How critical incident stress debriefing teams help cops in crisis

Critical incident debriefings conducted by peer supporters is the best practice in place now for addressing the immediate reactions to traumatic stress for law enforcement officers


For years, officers decompressed with their shift workers at “choir practice” — telling stories of our tragedies and triumphs after a long day. 

While the introduction of alcohol into this mix was not ideal, these times allowed officers to talk about their calls for service in a safe environment amongst peers who understood the evil side of humanity. 

Times have changed and “choir practice” has become a thing of the past within many agencies. Today we must find and use new methods to decompress and reduce the mental fatigue of police work. 

Forming Critical Incident Stress Debriefing Teams
Critical incident debriefings conducted by peer supporters is the best practice in place now for addressing the immediate reactions to traumatic stress for law enforcement officers. Critical incident debriefing teams are made up of trained peer supporters who share a common background with the traumatized officer. 

These peer supporters are prepared to help an individual or group of people through a step-by-step process allowing the participants to tell their story and make connections with the stories of others. These debriefings are organized discussions that take the participants mentally back to the time of the traumatic event and allow them to talk their way through their physical and emotional responses. Those in attendance find a connection between each other’s perspective, can fill in gaps in memory, and can support each other. 

Numerous studies have shown that officers — who are often reluctant to seek psychological help — are willing to discuss issues with trained peer support teams. Even without these studies you can see in every agency that cops talk with other cops on a regular basis about things they would never tell someone outside the guild. 

While the first responder community is very tight-knit, law enforcement in particular is by far the most closed off to outsiders. There a few people outside our world that we are willing to let in and see what life is like on the dark side of the thin blue line. In many cases even our families don’t know the extent of evil that we face on a daily basis. The reasons we are so closed off vary but the results are often a limited pool of people to understand our work.

Timing is Crucial for CISD Team Response
Time is of great importance for officers to receive the most benefit from a debriefing — the optimal timeframe is 24-72 hours after the incident. Peer support helps the injured officers learn what is likely to occur to them physically and mentally in the immediate future, what to do to mitigate the effects, and what to do if these effects do not begin to subside over the coming weeks. 

The officers can take back control over their emotions and flashbacks that may be interfering with their lives, and they are forced to admit that they do not have total control over all situations. In addition, these debriefings can be used to educate family members of the normal reactions that may occur in the officers as their minds recover from a traumatic incident.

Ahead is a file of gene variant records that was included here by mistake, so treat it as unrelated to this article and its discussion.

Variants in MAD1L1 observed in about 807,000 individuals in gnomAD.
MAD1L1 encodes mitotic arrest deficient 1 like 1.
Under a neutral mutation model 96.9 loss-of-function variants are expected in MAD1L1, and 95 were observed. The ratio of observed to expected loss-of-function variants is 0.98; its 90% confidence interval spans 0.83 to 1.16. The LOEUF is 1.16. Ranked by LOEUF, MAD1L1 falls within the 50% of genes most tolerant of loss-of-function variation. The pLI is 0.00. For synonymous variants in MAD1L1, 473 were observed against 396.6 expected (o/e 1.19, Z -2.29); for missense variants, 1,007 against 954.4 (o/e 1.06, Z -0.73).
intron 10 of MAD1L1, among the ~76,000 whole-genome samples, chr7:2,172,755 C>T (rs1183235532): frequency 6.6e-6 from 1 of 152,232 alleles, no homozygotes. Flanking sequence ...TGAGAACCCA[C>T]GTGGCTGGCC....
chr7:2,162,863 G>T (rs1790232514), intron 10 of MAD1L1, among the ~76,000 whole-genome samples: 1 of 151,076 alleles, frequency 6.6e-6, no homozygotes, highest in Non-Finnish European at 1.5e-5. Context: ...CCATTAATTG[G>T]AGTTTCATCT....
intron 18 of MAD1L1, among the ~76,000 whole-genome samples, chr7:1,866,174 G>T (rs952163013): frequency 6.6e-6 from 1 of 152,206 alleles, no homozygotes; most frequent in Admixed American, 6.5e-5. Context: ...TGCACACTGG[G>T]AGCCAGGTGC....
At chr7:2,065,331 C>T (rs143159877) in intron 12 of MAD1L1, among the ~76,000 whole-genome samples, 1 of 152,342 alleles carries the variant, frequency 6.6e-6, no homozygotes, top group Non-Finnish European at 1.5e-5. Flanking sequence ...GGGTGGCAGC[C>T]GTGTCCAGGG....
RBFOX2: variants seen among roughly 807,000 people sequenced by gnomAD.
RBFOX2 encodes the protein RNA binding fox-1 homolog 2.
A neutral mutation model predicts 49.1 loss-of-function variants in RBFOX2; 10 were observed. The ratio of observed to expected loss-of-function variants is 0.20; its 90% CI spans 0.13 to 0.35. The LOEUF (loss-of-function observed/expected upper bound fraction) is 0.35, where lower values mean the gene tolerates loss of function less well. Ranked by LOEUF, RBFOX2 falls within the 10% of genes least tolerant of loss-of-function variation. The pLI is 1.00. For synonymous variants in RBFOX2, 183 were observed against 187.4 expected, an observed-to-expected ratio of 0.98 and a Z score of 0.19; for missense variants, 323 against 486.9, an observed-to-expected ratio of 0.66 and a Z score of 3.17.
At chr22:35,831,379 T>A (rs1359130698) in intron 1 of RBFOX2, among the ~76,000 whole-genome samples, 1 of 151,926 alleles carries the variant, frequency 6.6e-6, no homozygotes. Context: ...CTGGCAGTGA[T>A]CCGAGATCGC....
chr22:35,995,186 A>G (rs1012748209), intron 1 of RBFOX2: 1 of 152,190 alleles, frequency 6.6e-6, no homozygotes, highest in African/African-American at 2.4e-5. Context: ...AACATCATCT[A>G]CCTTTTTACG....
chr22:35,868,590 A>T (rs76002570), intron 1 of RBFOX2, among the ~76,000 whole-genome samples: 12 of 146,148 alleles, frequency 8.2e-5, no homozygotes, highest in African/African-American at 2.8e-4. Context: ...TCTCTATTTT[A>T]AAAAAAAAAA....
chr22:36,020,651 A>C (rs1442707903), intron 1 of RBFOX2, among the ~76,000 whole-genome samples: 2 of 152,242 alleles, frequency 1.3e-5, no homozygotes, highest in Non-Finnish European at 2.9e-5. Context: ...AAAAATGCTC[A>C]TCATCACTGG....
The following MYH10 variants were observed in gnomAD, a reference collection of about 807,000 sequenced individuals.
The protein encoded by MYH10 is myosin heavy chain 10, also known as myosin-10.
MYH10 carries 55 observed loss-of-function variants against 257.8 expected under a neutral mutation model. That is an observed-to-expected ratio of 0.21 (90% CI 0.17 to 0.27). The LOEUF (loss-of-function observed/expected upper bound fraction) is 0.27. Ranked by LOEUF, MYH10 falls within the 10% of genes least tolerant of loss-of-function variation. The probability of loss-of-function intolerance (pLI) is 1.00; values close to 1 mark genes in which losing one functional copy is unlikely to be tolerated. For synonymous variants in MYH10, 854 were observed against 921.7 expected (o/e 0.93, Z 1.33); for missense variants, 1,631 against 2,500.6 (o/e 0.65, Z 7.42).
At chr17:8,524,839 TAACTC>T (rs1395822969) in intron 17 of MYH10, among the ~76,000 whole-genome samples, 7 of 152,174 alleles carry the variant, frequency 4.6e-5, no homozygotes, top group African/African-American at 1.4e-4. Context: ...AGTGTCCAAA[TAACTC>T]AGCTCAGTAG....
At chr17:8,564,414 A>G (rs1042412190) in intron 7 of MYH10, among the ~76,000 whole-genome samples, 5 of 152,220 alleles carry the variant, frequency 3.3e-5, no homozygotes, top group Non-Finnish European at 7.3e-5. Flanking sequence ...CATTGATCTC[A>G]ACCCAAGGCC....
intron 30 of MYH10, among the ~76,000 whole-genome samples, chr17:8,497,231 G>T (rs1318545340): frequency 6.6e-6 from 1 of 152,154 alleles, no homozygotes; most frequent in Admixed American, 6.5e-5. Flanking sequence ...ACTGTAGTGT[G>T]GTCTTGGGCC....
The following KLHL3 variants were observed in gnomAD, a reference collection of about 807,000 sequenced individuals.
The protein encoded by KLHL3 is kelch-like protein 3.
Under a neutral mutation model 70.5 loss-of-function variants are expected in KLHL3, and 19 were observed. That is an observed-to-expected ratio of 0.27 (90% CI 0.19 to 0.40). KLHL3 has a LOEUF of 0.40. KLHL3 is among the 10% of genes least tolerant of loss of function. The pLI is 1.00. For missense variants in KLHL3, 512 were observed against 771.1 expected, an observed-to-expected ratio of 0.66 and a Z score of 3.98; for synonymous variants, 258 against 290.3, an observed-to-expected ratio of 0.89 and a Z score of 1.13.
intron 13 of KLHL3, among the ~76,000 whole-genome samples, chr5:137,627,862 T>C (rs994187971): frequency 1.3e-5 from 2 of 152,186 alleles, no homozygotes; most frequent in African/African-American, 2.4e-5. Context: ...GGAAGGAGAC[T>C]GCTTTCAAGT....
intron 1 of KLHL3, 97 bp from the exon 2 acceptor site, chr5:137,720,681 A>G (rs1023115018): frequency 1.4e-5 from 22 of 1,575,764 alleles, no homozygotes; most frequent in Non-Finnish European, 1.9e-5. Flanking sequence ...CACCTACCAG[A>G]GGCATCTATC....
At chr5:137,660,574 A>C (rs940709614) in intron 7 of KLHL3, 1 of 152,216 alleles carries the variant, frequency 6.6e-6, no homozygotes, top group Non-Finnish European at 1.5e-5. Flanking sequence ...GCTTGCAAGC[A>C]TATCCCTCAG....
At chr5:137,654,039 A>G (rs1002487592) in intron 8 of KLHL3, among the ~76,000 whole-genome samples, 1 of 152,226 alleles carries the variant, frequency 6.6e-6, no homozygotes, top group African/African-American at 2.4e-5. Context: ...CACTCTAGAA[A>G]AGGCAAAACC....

The first step to forming a CISD team is finding peers that are the right fit. Peer support members bring a level of credibility that cannot be achieved by regular psychological interventions conducted by doctors because peer supporters have street credibility within the career field. The biggest hurdle will be selecting the appropriate people to be on a critical incident stress debriefing team. 

Candidates must have experience in the field and be respected by their peers. Officers who have been in critical incidents and are well on the recovery side of the psychological trauma are ideal candidates because they have real world experience to match with the training they receive. 

The second step to forming a CISD team is finding psychological support personnel who can not only assist in training your peer supporters but can also assist if the critical incident trauma over-reaches the ability of peer supporters. This is likely to be the most critical decisions for the team because as was stated, we do not accept those outside our brotherhood, and is a topic we will explore in detail in a separate column in the future. Suffice it to say, this is often optimally suited to an officer who intentionally chooses this career path, and works over a period of time to get the necessary training to fulfill it.

Finally, administrators need to support these programs by adopting clear policy outlining the use of critical incident debriefing teams and establishing confidentiality rules for officers participating in these sessions. 

The loss of an officer due to a traumatic injury — whether physical or mental — is devastating to the agency as well as the officer and his or her family. The experience of senior officers who are the most likely to suffer from the cumulative strain of stress cannot be replaced with new hires. CISD teams and peer support training is a small investment for an agency, even if it only prevents one officer from laying down his badge early. 

About the author

Jeff McGill is a 20 year veteran of law enforcement having been assigned to Patrol, Street Crimes, Sex Offenders Unit, Gang Intelligence and as a U.S. Marshal Task Force Officer. He now works full-time in training. Jeff is a state certified law enforcement instructor, teaching legal, firearms, first aid, law enforcement medical trauma care and reality based training. He has a Master’s degree and is currently a full-time Doctoral student in Criminal Justice concentrating in Organizational Leadership. Jeff is a founding member of 1st Alliance and co-author of “The Price they Pay.”

Contact Jeff McGill

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